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  15. Teve says:

    Just FYI, I keep seeing ‘immunocompromized people can’t get the vaccine’ but that doesn’t make sense to me. People who are immunocompromised might not form an adequate immunity from it, but they typically can get the vaccine. It’s mostly people with certain allergies who can’t get it.

    (But IANAD)

    1
  16. Gustopher says:

    @Teve: immuno-comprimized people were near the head of the line in Washington state. Whether all of them can take the vaccine or not, I have no idea.

    I assume the “immune-compromised who can’t get the vaccine” is shorthand for “immune-compromised who cannot get the full benefits of the vaccine or are too young to get the vaccine” plus allergies are an immune response.

    So, close enough to my understanding of the world that I don’t see the phrasing as bothersome in anything other than a pedantic manner.

    Also not a doctor.

    1
  17. James Joyner says:

    @Stormy Dragon: @Stormy Dragon: I’ve read the story. The CDC is the agency we’ve designated to make this call. They have historically been quite conservative in their calls.

    @ptfe: Congress tells DC what to do, not vice versa. Local
    government rules do not apply on federal land.

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  18. Gustopher says:

    Maddow had an interview on Thursday with the head of the CDC. Paraphrasing a key part:

    Maddow: so, if I work in an office, unmasked, and the person next to me is unmasked, it’s all safe if I had the vaccine and they didn’t?

    CDC: it’s very safe for you.

    Maddow: And for them?

    CDC: I would advise them to get the vaccine.

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  19. CSK says:

    @Teve:
    I think the CDC says that people with weakened immune systems and autoimmune conditions should get the vaccine, because Covid can be worse for them. It’s people who could have a severe allergic reaction to a component in the vaccines who have to be wary.

  20. Teve says:

    @CSK: there are a whole lot of people on parler/gab right now bragging that they’re going to go wherever they want and claim that they’re vaccinated and the stupid libs will never even know!

    2
  21. CSK says:

    @Teve:
    I think this is called “cutting off your nose to spite your face.”

    I have vague memories that sometime back in the 1980s, concerns about the toxicity of carbon tetrachloride were raised. In response, some fools would guzzle a bottle of it and then say, “See? I’m fine.”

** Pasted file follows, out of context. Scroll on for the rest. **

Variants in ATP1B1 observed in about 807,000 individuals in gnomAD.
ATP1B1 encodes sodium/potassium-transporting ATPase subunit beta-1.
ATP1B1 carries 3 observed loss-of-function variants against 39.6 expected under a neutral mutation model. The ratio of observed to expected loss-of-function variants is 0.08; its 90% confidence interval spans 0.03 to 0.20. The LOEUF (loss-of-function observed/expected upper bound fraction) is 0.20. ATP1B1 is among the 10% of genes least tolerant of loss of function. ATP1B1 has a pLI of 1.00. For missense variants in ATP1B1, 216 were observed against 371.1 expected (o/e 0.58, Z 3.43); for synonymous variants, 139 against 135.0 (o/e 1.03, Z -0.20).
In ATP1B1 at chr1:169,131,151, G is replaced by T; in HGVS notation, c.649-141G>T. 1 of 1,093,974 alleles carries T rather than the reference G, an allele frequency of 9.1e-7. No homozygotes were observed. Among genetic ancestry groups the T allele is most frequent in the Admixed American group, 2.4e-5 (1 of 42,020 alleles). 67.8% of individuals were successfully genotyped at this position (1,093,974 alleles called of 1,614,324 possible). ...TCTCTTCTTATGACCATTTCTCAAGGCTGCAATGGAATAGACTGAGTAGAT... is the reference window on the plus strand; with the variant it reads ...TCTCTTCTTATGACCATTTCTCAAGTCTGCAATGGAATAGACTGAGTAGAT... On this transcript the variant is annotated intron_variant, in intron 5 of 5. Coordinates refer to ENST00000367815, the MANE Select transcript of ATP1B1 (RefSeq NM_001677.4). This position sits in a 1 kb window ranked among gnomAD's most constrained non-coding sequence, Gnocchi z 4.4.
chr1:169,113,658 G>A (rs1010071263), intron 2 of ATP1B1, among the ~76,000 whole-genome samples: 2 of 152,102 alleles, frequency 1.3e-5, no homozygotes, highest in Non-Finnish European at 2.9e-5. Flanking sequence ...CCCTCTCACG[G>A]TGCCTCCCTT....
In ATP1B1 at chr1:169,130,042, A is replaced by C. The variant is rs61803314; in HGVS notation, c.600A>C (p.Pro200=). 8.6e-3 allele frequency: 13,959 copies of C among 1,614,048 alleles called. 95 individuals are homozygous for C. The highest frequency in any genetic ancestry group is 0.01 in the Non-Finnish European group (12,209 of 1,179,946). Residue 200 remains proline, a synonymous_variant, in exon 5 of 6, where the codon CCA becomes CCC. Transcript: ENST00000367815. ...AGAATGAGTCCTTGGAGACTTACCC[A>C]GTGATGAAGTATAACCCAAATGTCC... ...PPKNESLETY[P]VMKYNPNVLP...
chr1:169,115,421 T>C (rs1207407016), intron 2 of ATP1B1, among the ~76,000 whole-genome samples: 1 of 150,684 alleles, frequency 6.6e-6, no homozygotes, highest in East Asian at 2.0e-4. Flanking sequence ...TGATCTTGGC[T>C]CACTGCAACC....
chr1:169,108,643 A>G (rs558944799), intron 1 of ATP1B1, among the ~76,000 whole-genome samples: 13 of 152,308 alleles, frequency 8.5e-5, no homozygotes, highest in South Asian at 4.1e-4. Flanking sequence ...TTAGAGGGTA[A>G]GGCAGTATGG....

22. Gustopher says:

    @Steven L. Taylor:

    I am with MR: everyone has had a chance to get vaccinated and so the Dems’ position should be that vaccinated equals maskless (and to bolster their self-image of the party that follows the science).

    The messaging reversal has been so bad by the CDC that I think it makes sense to hold off, and schedule hearings with the CDC about how and when this decision was made, what the evidence was etc.

    And then likely unmask.

    But use hearings as an opportunity to educate everyone about the rationale, which the CDC has really not explained. It’s “Follow the science,” not “follow the scientists,” after all.

    Pelosi is playing this badly.

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  23. Mikey says:

    @Gustopher:

    I assume the “immune-compromised who can’t get the vaccine” is shorthand for “immune-compromised who cannot get the full benefits of the vaccine or are too young to get the vaccine” plus allergies are an immune response.

    My brother had Guillain-Barre Syndrome, and any vaccination could possibly cause a recurrence.

    On the other hand, as he’s trying to decide whether or not to get the COVID vaccine, his doctor is basically saying “if the COVID vaccine didn’t trigger your GBS, it should be OK, you just never want to get the vaccine that actually triggered it.”

    So at this point he’s unvaccinated due to concern about a previous occurrence of an autoimmune disorder, but could potentially get the COVID vaccine safely. I suppose “immunocompromised” in a certain context would fit, but it’s probably not a good blanket term for all those who for whatever reason(s) shouldn’t receive a vaccine.

    Anyway. Not disagreeing with you, just trying to cast some light on what I was trying to say…

    2
  24. gVOR08 says: